So this brings us back full circle to the thought of why there's no dedicated handheld; what's stopping them?
Well firstly, there's more incentive for Microsoft to not take the risky route that the PS Vita has, even though it seems they have many of the elements required to.
Despite its high-spec hardware the Vita just can't compete with the convenience and price of smartphone gaming. Mobile apps have set the expectation of high quality games for an exceptionally low price.
Games that only a few years ago would have been considered worthy of a full retail release can now be had for a couple of pounds or less. These games appeal to so many who only have limited times to play games on the move but there's enough of a selection to satisfy even the most hard-core gamers, as long as they can tolerate the touch-screen interaction.
Sony tries to win over these gamers with titles that have only marginally less production values than their console equivalents but it seems that the mass market are no longer interested in shelling out £30 or more for a single game when it may turn out they do not even like the game.
What Microsoft needs to do
A mobile gaming device could run on the Windows Phone platform and therefore be reasonably affordable.
It would also have excellent integration with Xbox Live as well as being a companion to whatever the next gen Xbox turns out to be - likely unveiled at this year's E3.
Microsoft would need to get on-board its catalogue of Xbox developers with quality franchises and convince them that the mobile app model really is the way forward.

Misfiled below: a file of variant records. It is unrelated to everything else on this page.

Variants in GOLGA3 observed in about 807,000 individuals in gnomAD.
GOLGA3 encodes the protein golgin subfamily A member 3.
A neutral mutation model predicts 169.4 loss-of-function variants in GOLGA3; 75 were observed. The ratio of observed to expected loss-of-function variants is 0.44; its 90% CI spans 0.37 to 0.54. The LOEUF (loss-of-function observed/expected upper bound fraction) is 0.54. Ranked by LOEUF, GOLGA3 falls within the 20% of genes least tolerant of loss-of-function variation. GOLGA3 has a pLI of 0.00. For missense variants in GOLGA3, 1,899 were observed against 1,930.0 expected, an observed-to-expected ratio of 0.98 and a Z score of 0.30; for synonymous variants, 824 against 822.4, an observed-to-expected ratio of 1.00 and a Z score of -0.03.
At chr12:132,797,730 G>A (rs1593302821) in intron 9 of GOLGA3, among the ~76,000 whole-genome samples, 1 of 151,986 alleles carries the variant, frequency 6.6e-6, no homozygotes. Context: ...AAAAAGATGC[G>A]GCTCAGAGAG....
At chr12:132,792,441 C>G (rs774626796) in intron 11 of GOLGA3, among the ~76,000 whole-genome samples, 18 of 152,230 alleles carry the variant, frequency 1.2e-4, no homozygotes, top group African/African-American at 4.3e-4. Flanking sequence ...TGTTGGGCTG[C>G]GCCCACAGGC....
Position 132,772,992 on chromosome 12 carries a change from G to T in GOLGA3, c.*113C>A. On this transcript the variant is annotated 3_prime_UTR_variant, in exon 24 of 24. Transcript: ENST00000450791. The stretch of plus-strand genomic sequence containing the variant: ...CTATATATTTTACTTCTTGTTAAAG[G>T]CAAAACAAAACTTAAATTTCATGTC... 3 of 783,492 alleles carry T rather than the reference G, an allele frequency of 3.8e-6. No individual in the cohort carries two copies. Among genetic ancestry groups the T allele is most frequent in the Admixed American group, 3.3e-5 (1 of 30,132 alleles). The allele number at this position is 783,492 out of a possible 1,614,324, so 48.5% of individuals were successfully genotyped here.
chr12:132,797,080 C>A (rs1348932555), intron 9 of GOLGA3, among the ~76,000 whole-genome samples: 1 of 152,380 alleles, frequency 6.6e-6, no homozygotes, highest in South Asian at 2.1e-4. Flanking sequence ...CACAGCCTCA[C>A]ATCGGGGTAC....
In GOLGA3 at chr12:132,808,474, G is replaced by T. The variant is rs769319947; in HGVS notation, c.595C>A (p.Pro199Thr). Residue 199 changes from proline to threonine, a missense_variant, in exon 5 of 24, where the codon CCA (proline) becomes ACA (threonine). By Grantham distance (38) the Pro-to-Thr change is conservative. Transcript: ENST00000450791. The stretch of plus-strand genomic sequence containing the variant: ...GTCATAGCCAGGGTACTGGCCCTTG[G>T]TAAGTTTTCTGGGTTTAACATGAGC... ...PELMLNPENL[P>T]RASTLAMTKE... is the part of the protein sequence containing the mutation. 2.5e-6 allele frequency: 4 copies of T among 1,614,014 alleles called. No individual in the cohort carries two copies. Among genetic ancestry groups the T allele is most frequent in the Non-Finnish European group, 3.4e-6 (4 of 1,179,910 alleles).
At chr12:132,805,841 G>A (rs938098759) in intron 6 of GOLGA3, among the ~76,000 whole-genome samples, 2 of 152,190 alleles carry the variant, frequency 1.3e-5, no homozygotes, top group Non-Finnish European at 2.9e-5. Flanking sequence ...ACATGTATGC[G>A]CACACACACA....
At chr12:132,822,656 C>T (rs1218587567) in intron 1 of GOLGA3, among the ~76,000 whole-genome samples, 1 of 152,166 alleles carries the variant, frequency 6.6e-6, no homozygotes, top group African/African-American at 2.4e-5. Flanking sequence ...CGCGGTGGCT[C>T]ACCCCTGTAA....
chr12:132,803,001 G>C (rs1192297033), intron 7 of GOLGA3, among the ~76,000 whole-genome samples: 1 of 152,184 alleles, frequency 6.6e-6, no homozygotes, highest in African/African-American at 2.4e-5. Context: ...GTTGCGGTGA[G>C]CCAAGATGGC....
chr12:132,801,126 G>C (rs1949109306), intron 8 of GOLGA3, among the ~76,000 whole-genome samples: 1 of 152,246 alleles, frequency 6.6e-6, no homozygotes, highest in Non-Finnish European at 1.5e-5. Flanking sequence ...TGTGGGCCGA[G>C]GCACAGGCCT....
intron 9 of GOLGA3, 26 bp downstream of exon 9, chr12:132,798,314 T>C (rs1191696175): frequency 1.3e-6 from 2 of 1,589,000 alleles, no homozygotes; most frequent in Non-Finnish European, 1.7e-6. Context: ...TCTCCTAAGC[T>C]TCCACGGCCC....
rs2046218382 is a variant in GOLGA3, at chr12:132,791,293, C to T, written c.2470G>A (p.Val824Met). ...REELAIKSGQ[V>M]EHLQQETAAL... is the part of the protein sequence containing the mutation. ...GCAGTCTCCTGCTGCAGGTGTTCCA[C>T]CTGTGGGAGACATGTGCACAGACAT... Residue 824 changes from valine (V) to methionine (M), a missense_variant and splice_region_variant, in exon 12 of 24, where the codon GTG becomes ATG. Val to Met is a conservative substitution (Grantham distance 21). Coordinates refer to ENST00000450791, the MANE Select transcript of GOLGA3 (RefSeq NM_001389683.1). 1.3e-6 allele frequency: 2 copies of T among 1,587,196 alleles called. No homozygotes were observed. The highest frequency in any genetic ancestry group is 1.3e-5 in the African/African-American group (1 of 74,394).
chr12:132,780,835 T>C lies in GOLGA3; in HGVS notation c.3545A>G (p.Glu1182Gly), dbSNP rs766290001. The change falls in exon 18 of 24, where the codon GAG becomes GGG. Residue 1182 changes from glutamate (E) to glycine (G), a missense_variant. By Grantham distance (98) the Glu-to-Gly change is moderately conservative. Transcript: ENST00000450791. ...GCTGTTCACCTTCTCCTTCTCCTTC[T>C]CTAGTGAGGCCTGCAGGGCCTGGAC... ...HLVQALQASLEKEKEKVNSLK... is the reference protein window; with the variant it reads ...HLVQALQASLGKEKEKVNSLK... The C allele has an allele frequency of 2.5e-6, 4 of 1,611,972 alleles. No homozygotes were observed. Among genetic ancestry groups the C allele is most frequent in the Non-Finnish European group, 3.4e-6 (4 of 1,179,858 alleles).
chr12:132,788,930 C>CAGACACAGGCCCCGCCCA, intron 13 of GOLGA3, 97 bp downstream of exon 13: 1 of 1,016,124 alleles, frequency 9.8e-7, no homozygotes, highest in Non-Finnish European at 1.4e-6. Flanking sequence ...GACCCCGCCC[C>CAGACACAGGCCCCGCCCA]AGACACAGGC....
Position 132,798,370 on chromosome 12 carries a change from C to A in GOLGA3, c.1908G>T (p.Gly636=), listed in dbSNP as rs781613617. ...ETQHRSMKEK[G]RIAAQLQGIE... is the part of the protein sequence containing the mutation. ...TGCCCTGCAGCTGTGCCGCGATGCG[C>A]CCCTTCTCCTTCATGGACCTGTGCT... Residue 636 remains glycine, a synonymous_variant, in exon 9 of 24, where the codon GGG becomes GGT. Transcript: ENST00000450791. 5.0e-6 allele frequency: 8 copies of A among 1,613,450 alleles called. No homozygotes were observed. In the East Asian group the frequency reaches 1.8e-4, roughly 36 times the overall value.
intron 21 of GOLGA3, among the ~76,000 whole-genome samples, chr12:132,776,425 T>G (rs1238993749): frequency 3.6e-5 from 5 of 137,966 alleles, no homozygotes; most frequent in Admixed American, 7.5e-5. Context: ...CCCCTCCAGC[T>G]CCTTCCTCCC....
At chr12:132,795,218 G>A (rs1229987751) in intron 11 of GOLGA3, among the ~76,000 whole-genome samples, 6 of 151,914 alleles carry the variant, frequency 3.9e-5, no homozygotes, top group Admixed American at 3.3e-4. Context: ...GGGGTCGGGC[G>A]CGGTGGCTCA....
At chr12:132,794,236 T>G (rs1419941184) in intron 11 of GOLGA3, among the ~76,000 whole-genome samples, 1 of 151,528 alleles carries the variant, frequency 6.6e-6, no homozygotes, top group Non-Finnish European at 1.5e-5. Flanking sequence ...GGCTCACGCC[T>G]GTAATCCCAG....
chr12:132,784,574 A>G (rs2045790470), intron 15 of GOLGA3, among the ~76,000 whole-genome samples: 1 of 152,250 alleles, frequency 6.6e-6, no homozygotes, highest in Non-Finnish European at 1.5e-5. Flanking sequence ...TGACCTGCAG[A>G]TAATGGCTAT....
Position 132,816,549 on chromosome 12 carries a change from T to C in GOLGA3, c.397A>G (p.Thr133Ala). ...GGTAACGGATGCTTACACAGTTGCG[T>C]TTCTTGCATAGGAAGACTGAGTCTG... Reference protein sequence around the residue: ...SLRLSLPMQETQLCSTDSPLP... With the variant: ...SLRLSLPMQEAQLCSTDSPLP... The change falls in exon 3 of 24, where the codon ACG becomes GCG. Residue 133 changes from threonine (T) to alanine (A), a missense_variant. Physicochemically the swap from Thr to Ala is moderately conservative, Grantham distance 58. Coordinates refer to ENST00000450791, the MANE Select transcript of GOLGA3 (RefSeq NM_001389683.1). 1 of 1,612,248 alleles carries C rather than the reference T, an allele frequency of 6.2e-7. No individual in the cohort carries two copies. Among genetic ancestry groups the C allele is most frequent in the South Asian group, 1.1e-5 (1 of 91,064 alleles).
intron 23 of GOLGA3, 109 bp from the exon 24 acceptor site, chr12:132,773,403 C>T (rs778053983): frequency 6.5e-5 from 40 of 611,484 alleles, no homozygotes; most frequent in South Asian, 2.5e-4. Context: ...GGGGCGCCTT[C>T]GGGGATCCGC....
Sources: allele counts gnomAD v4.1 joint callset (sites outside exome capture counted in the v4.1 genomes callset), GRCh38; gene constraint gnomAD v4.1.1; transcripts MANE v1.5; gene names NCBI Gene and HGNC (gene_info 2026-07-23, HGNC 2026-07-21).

Taking SmartGlass to the next logical step of becoming a service that could stream games from the new console to a handheld platform would also surely prove a winning feature and something that is extremely appealing about Nvidia's Project Shield - though that system requires Steam to do the same tricks.
It needs to provide a comparable experience to that which people really love on the Xbox 360 and make it available to them on the move.
Could there also be an alternative? With the right combination of exclusive top titles and an accessible online experience, all that would be required to keep the controller-loving elite happy is for Microsoft to coax its hardware division in to come up with a convincing and compact accessory to turn Windows phones or tablets in to a portable console.
To get an idea what we're thinking of, take a look at products like the IcontrolPad 2 or PhoneJoy Play. Both are Kickstarter campaigns that aim to at provide the necessity for physical input. Both projects have been backed well above their prospective goals.